unbibium: (animated pacman)
Apparently some calculations are resulting in strange results, and it's messing up the galactic map.

i'll deal tomorrow i guess.
unbibium: (animated pacman)
So it turns out that ?OVERFLOW ERROR occurs every time you try to raise a negative number to any power.

I worked around this by making a special case for squares -- no reason to go through all that polynimal madness when you can just multiply a number by itself, eh.

might be a release soon.
unbibium: (animated pacman)
Star Trek kinda-sorta works, but there's this overflow error I keep getting.

It uses DEF FN to compute distances with the Pythagorean formula, which uses exponents, which in turn uses division. So there's a chance that the 16-bit division shortcut is to blame. Still, it should be resulting in inaccurate answers, not aborting the program.

I'll have to dive into the floating point routines once again to fix this, and I'll have to do that before releasing this.
unbibium: (animated pacman)
OK... it looks like star trek mostly works except there are a few random seeds that create mysterious overflow errors.

and, it does want to do SQR() and power... which means that the inaccurate division might be to blame.
unbibium: (animated pacman)
It's so obvious now.

Star Trek. That's a BASIC game from the 1970s, and thematically appropriate.

I tried it, and it works with a little modification. It's slow too, probably too slow to play, but you can at least see it working. So it's more like playing Star Trek on a 300 baud modem than anything else.
unbibium: (animated pacman)
So, Eliza is still pretty slow, but a little faster.

I fixed some things about the screen editor.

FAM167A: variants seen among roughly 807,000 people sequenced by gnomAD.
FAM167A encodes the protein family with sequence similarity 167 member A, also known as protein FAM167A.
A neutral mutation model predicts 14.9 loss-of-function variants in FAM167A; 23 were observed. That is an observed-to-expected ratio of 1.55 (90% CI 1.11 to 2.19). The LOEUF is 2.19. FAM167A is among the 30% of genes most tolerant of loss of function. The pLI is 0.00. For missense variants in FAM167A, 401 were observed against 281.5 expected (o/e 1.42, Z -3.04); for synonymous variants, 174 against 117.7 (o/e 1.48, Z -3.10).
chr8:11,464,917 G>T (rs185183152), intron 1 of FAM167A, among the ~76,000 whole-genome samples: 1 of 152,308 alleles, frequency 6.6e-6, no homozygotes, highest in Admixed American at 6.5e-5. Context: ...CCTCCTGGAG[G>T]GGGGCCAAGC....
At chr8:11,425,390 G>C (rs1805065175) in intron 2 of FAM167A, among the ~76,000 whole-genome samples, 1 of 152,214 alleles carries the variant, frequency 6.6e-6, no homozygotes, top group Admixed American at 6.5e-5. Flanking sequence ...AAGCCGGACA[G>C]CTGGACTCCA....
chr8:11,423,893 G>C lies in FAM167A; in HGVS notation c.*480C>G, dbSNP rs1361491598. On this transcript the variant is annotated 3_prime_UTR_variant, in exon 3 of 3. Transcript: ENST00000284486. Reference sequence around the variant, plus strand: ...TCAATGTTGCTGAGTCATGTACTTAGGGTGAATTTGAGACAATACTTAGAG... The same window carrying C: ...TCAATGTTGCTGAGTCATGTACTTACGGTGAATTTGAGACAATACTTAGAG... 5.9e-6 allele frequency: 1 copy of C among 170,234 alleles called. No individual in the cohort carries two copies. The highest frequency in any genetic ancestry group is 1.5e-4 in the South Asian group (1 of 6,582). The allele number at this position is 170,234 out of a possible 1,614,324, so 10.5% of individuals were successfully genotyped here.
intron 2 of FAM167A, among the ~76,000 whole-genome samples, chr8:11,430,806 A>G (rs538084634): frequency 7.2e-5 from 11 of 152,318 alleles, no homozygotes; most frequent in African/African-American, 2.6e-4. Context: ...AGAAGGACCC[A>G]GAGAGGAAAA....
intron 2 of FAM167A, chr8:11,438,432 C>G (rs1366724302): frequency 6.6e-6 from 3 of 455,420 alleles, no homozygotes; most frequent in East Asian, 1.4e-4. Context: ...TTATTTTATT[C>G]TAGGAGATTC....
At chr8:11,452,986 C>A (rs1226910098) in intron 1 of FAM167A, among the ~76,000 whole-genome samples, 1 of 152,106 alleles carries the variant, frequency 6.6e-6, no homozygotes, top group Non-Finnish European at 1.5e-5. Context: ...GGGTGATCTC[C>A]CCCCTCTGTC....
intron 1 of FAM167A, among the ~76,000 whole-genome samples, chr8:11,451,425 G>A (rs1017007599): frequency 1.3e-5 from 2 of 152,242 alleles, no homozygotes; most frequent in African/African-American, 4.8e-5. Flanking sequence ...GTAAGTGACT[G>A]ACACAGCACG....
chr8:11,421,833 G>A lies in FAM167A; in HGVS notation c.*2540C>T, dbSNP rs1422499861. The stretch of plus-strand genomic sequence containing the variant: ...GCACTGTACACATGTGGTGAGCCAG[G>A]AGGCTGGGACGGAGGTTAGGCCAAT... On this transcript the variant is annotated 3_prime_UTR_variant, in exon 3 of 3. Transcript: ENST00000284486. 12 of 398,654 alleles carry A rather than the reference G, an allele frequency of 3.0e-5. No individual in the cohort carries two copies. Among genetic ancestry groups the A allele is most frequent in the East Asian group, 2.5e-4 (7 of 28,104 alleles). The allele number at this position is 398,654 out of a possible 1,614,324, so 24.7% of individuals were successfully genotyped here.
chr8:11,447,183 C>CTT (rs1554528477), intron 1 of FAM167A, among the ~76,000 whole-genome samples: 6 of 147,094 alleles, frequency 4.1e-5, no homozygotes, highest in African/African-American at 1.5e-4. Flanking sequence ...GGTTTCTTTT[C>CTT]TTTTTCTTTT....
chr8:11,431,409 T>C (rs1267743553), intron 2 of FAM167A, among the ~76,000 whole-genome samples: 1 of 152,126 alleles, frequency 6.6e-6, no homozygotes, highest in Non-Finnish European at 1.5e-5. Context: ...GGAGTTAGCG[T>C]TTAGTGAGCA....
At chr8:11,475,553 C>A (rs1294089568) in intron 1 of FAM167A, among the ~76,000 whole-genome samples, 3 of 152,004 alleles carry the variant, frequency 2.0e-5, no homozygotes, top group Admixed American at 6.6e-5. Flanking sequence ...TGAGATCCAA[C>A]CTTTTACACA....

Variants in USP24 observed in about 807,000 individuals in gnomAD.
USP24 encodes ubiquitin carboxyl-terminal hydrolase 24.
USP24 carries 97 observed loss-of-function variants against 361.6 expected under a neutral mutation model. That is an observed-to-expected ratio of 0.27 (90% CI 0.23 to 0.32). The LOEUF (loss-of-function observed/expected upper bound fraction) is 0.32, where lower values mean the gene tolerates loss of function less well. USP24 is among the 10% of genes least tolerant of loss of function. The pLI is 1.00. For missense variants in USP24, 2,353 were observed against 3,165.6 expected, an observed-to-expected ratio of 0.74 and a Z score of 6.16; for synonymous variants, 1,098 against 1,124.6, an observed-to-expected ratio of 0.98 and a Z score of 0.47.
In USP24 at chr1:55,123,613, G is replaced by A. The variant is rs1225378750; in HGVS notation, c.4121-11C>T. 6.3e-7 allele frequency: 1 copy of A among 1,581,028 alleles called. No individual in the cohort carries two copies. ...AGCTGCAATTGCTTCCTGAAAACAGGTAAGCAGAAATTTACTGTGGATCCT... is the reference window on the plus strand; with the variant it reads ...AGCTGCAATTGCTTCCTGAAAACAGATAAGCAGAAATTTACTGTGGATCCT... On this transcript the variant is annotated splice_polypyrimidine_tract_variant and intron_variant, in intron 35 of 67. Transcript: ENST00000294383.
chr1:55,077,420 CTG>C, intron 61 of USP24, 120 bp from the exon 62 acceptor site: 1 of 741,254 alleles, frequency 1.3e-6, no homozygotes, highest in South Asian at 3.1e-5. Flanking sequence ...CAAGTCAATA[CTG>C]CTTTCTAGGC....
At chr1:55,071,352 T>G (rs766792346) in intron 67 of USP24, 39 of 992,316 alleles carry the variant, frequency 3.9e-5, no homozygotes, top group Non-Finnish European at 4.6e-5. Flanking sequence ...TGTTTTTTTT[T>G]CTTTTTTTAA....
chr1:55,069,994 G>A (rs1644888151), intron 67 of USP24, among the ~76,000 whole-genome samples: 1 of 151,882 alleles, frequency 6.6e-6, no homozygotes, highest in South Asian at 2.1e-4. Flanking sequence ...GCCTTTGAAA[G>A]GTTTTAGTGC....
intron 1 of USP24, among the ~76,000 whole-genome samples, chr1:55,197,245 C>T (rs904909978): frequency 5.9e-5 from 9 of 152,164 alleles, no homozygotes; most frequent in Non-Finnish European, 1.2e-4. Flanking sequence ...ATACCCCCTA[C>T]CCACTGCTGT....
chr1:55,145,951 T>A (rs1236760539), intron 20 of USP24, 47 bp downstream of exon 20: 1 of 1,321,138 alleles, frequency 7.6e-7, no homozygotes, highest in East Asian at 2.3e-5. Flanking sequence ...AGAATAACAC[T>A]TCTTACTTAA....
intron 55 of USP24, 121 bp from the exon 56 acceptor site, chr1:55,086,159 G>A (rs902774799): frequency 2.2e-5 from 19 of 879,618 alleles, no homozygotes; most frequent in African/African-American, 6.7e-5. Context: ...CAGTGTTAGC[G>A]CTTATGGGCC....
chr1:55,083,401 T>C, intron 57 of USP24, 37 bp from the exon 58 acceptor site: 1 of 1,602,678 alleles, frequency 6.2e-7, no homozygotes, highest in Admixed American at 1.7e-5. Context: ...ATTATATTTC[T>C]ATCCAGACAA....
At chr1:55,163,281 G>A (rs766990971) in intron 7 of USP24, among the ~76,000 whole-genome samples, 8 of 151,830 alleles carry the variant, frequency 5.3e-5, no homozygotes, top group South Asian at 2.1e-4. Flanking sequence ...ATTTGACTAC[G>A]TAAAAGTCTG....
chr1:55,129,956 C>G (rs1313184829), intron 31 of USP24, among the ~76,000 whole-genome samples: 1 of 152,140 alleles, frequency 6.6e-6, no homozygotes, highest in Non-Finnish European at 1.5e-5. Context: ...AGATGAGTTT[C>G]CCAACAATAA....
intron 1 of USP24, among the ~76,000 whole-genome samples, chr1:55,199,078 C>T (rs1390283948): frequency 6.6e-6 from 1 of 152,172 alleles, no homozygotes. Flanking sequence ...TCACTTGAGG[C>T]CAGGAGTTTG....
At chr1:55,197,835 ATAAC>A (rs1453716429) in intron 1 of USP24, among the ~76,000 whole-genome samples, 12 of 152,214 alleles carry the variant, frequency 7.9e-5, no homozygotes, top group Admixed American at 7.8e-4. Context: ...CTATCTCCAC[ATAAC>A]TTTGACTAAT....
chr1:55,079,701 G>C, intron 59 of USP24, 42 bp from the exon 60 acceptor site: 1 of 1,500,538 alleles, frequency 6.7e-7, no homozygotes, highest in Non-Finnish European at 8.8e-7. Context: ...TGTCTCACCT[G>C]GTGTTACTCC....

I don't know what to do next.
unbibium: (animated pacman)
Suddenly the solution seems obvious: optimize Eliza first.

Much of the slowdown must be coming from how every time it needs to retrieve a string, it has to do a RESTORE command and then READ through all the DATA statements until it finds the right one. But CBM BASIC, and therefore my BASIC, has string arrays, so I can just READ everything once at the beginning of the program. The string pointers in the array will all point to the DATA statements themselves, so they won't use much more memory, and they won't count against the quadratic part of the garbage collection routine.

won't know for sure until I get home and can try it, though.
unbibium: (animated pacman)
Feels a little anticlimactic. Maybe I'll work on improving the speed.

when it comes down to it, there's not that many cool things you can do in ordinary BASIC.
unbibium: (animated pacman)
...and, now Eliza works.

It's really monstrously slow, perhaps too slow for a demo video. But it works.

now what...
unbibium: (animated pacman)
A bit of a milestone moment tonight: I fixed MID$ and managed to create a stub for LOAD that would copy ELIZA into memory.

It got to the INPUT I$ and gave a ?STRING TOO LONG error before accepting any input.